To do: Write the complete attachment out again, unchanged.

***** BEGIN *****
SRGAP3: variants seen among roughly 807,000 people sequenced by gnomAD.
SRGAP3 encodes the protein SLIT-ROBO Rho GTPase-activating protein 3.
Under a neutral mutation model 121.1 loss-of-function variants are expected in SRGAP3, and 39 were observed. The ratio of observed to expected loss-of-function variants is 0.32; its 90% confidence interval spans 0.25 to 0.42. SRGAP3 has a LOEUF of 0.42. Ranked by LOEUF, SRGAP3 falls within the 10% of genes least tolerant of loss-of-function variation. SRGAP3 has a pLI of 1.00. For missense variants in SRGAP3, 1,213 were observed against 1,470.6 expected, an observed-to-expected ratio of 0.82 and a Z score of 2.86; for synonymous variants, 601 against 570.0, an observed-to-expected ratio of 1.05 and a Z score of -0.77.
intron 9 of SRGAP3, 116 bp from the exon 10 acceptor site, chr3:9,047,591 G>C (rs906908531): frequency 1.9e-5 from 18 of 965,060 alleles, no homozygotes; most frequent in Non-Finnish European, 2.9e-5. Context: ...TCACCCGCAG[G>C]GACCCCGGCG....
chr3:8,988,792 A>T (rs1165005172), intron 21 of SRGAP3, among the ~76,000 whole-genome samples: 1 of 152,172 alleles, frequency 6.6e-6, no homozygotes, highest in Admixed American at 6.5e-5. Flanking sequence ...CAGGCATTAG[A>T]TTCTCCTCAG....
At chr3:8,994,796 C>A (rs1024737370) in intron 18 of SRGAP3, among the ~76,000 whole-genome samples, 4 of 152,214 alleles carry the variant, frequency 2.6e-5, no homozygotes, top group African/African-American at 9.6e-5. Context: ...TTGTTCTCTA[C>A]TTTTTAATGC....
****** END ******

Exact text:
SRGAP3: variants seen among roughly 807,000 people sequenced by gnomAD.
SRGAP3 encodes the protein SLIT-ROBO Rho GTPase-activating protein 3.
Under a neutral mutation model 121.1 loss-of-function variants are expected in SRGAP3, and 39 were observed. The ratio of observed to expected loss-of-function variants is 0.32; its 90% confidence interval spans 0.25 to 0.42. SRGAP3 has a LOEUF of 0.42. Ranked by LOEUF, SRGAP3 falls within the 10% of genes least tolerant of loss-of-function variation. SRGAP3 has a pLI of 1.00. For missense variants in SRGAP3, 1,213 were observed against 1,470.6 expected, an observed-to-expected ratio of 0.82 and a Z score of 2.86; for synonymous variants, 601 against 570.0, an observed-to-expected ratio of 1.05 and a Z score of -0.77.
intron 9 of SRGAP3, 116 bp from the exon 10 acceptor site, chr3:9,047,591 G>C (rs906908531): frequency 1.9e-5 from 18 of 965,060 alleles, no homozygotes; most frequent in Non-Finnish European, 2.9e-5. Context: ...TCACCCGCAG[G>C]GACCCCGGCG....
chr3:8,988,792 A>T (rs1165005172), intron 21 of SRGAP3, among the ~76,000 whole-genome samples: 1 of 152,172 alleles, frequency 6.6e-6, no homozygotes, highest in Admixed American at 6.5e-5. Flanking sequence ...CAGGCATTAG[A>T]TTCTCCTCAG....
At chr3:8,994,796 C>A (rs1024737370) in intron 18 of SRGAP3, among the ~76,000 whole-genome samples, 4 of 152,214 alleles carry the variant, frequency 2.6e-5, no homozygotes, top group African/African-American at 9.6e-5. Context: ...TTGTTCTCTA[C>A]TTTTTAATGC....